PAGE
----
“I am giving you a gift that will require you – for the next 10-15 years – to be a totally responsible person. I am committing you to prepare fresh meals every night during this time frame and to have to do a lot of extra planning every time you want to take a vacation. And for the next month you are to forget everything else to focus on making friends with your new surprise.”
Yikes! Do you want to put this kind of pressure on a person you love? Wouldn’t a gift card to Starbuck’s be a gentler surprise?
But what if this loved one is the type of person that, for the last three years, has dreamed out loud about having friends like Arnold and his pals? What if this loved one has gone into magnificent detail about the type of home these new friends would have? What if this person has read everything known to mankind about the nutritional needs, social needs and the commitment required to keep them happy and healthy? Then would be it OK? I think so!
The important point is in the planning. Bringing new pets into a home on a whim is never a good idea, whether it’s a surprise gift or a spontaneous purchase made at a fair or a trade show. Please be fully prepared and fully informed before making such a long term decision.
There is also the type of gift that someone might give themselves! I
know a lot of people that do this, myself included. If that is the case,
it is hardly a surprise and something you know that the proper
planning has been done for.
In preparing for this month’s newsletter, I decided to make a couple of phone calls to the local shelters in our area. The first one I called was Friends of Strays. This organization provides shelter and fostering for homeless dogs and cats. I applaud their holiday policy which does not allow any adoptions the week before or the week after Christmas. Why do you think they do that? Animal shelters, such as the SPCA, see an increase in animals dropped off to the shelters after the holiday season.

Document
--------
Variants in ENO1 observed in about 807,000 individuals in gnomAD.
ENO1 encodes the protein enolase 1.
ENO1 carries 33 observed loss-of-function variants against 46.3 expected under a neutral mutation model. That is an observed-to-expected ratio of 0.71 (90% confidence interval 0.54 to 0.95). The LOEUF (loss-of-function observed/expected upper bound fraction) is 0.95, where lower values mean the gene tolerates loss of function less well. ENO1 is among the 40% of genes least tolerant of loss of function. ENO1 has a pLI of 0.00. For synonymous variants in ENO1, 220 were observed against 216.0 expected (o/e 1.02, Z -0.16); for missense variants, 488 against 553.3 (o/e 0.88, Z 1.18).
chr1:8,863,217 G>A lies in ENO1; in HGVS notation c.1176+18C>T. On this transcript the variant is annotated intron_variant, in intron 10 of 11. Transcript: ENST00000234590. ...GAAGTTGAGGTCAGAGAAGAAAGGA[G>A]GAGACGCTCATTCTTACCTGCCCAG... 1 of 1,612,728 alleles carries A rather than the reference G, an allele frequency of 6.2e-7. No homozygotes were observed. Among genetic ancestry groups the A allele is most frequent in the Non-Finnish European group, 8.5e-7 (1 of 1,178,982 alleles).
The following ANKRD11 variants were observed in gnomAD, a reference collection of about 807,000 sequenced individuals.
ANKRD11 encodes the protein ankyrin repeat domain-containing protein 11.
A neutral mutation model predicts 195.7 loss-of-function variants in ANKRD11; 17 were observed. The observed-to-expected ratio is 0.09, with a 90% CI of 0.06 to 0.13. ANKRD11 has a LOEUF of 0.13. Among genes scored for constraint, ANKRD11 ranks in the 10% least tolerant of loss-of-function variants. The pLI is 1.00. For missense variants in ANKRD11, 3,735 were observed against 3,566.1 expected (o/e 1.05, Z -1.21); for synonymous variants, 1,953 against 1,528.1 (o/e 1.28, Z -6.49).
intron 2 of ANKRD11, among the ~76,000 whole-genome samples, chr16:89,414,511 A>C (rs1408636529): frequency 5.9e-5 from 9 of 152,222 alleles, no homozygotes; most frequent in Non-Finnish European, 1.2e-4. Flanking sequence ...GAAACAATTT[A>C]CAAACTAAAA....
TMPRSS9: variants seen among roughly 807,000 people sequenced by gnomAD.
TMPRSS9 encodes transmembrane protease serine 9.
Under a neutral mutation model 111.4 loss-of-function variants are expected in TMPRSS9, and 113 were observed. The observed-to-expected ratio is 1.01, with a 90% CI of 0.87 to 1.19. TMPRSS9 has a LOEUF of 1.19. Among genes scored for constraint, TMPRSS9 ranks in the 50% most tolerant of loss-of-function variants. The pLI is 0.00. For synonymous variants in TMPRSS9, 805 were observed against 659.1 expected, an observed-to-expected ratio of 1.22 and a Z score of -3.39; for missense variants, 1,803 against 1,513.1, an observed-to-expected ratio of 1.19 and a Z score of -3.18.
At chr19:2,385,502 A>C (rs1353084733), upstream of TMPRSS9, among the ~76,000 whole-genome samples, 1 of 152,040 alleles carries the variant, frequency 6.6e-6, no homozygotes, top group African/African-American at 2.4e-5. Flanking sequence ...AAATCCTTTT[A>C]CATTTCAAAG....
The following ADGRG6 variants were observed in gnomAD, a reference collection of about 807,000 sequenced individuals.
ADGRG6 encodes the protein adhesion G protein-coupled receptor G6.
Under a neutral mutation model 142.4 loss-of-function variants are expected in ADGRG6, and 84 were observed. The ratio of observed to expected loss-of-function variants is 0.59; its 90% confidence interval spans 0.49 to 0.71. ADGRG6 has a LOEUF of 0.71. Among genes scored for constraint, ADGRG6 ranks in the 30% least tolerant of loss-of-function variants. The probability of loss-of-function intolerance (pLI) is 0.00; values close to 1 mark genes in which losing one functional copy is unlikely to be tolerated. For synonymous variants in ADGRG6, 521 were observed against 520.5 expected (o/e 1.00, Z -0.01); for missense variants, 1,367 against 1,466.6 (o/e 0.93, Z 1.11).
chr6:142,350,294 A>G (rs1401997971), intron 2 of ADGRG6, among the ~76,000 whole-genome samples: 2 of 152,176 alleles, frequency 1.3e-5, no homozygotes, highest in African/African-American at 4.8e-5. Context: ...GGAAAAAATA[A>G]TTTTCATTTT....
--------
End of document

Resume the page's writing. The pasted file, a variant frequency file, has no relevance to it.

Interestingly, they also see an increase after popular movies hit the silver screen. A commonly cited story is about the increase in unwanted Dalmatians after the release of 101 Dalmatians. Getting caught up in the euphoria of pet trends, holiday buying or venues encouraging spontaneous purchases of animals that the majority of the population knows nothing about is not good for the animals. As an animal lover, I hope that the holiday message you impart to your circle is to encourage good decision making when bringing home new pets. And when I asked the President of Friends of Strays if she had a holiday message, she chuckled, because her message is the same year round. Please have your pets neutered. This simple act will increase the quality of life for so many!
We are so grateful to you for your continued patronage and wish you and yours a happy, healthy and safe holiday season.
Catch you next year!
‘Til next time, in good health for you and your gliders, we sign off in appreciation of all of you who share great glider adventures with us!